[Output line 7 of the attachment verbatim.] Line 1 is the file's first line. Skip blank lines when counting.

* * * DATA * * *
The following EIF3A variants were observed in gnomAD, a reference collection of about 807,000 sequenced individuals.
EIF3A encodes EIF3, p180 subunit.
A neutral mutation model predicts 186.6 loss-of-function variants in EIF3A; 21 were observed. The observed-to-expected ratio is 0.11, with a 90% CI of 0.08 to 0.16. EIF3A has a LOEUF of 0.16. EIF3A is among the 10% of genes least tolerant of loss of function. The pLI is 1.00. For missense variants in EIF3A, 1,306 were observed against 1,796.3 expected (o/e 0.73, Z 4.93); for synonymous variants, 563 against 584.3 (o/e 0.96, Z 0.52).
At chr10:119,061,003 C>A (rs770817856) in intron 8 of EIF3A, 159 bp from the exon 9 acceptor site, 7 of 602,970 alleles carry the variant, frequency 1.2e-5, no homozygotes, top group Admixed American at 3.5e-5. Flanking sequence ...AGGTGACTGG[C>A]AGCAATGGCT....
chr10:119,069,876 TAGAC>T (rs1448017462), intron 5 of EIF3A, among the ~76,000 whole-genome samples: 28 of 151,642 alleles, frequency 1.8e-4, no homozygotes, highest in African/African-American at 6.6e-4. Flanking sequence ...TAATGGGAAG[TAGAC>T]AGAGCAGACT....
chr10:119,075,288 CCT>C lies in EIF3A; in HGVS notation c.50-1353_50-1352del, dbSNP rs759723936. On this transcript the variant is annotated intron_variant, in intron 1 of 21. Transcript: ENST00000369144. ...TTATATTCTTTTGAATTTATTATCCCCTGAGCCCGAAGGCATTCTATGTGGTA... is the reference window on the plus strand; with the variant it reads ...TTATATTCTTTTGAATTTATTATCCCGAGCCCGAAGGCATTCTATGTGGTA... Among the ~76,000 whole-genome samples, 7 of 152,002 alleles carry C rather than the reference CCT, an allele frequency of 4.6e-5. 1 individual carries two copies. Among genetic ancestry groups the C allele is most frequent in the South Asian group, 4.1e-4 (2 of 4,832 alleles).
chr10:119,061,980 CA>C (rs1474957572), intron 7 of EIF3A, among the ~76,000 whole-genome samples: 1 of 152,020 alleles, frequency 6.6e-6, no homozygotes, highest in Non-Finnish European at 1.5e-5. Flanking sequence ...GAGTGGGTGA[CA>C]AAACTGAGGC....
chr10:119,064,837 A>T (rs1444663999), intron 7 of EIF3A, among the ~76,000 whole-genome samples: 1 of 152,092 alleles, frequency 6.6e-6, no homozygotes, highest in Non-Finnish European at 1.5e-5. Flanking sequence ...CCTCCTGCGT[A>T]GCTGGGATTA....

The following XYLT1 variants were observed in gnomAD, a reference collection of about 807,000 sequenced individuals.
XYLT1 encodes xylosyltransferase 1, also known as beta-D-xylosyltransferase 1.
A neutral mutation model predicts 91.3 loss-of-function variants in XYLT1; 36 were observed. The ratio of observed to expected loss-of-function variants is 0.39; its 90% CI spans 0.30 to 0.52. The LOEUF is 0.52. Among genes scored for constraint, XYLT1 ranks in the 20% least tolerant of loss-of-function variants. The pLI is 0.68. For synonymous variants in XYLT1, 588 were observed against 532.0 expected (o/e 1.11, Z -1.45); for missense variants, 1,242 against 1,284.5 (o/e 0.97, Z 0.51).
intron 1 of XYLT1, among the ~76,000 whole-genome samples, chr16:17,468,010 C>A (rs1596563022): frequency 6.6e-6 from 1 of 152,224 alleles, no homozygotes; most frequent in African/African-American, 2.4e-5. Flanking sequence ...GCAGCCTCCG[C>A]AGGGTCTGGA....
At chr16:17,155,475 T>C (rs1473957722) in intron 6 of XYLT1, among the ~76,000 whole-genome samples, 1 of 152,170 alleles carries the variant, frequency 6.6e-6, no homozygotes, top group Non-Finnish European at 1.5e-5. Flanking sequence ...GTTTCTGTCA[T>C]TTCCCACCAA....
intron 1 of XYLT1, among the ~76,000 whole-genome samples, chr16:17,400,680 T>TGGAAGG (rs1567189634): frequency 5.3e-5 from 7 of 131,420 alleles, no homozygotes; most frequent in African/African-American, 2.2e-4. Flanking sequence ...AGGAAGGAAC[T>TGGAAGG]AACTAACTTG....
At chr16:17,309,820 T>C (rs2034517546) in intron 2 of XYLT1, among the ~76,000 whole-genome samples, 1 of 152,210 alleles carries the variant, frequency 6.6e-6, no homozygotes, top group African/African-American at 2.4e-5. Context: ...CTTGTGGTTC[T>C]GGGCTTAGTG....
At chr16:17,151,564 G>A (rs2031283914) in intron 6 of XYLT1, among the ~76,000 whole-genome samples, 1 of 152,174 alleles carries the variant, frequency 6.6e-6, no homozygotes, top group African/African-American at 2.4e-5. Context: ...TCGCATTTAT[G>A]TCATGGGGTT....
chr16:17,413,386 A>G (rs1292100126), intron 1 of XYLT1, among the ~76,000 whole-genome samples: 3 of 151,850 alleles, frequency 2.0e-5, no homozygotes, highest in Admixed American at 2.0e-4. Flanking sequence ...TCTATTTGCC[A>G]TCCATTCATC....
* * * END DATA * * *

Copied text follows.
chr10:119,061,980 CA>C (rs1474957572), intron 7 of EIF3A, among the ~76,000 whole-genome samples: 1 of 152,020 alleles, frequency 6.6e-6, no homozygotes, highest in Non-Finnish European at 1.5e-5. Flanking sequence ...GAGTGGGTGA[CA>C]AAACTGAGGC....